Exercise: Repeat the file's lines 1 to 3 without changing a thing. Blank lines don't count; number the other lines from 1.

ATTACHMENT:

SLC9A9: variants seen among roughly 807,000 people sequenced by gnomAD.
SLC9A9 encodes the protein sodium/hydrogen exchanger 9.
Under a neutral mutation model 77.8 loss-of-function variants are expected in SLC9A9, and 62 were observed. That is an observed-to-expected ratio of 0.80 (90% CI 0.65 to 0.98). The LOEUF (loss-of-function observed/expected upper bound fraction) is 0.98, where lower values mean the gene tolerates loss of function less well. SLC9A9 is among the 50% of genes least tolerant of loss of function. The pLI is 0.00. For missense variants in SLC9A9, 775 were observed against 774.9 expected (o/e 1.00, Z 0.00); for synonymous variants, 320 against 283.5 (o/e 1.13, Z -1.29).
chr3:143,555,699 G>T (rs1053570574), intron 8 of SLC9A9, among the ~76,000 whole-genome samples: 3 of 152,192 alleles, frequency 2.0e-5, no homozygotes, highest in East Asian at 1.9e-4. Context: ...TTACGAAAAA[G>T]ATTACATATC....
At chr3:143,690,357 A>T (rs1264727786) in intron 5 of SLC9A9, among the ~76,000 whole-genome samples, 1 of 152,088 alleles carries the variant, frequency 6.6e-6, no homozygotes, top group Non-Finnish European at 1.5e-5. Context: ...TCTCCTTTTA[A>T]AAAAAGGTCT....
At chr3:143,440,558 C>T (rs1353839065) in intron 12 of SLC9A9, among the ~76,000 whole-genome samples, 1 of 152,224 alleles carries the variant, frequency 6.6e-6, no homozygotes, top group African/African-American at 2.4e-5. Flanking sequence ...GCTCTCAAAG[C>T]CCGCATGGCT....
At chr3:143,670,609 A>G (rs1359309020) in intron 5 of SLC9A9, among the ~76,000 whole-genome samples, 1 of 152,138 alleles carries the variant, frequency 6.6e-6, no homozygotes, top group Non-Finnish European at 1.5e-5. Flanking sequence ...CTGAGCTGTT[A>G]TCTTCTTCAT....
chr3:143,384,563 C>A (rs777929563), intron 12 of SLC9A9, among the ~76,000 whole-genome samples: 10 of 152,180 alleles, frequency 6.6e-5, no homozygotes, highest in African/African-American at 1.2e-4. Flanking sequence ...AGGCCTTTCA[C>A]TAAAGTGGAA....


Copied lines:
SLC9A9: variants seen among roughly 807,000 people sequenced by gnomAD.
SLC9A9 encodes the protein sodium/hydrogen exchanger 9.
Under a neutral mutation model 77.8 loss-of-function variants are expected in SLC9A9, and 62 were observed. That is an observed-to-expected ratio of 0.80 (90% CI 0.65 to 0.98). The LOEUF (loss-of-function observed/expected upper bound fraction) is 0.98, where lower values mean the gene tolerates loss of function less well. SLC9A9 is among the 50% of genes least tolerant of loss of function. The pLI is 0.00. For missense variants in SLC9A9, 775 were observed against 774.9 expected (o/e 1.00, Z 0.00); for synonymous variants, 320 against 283.5 (o/e 1.13, Z -1.29).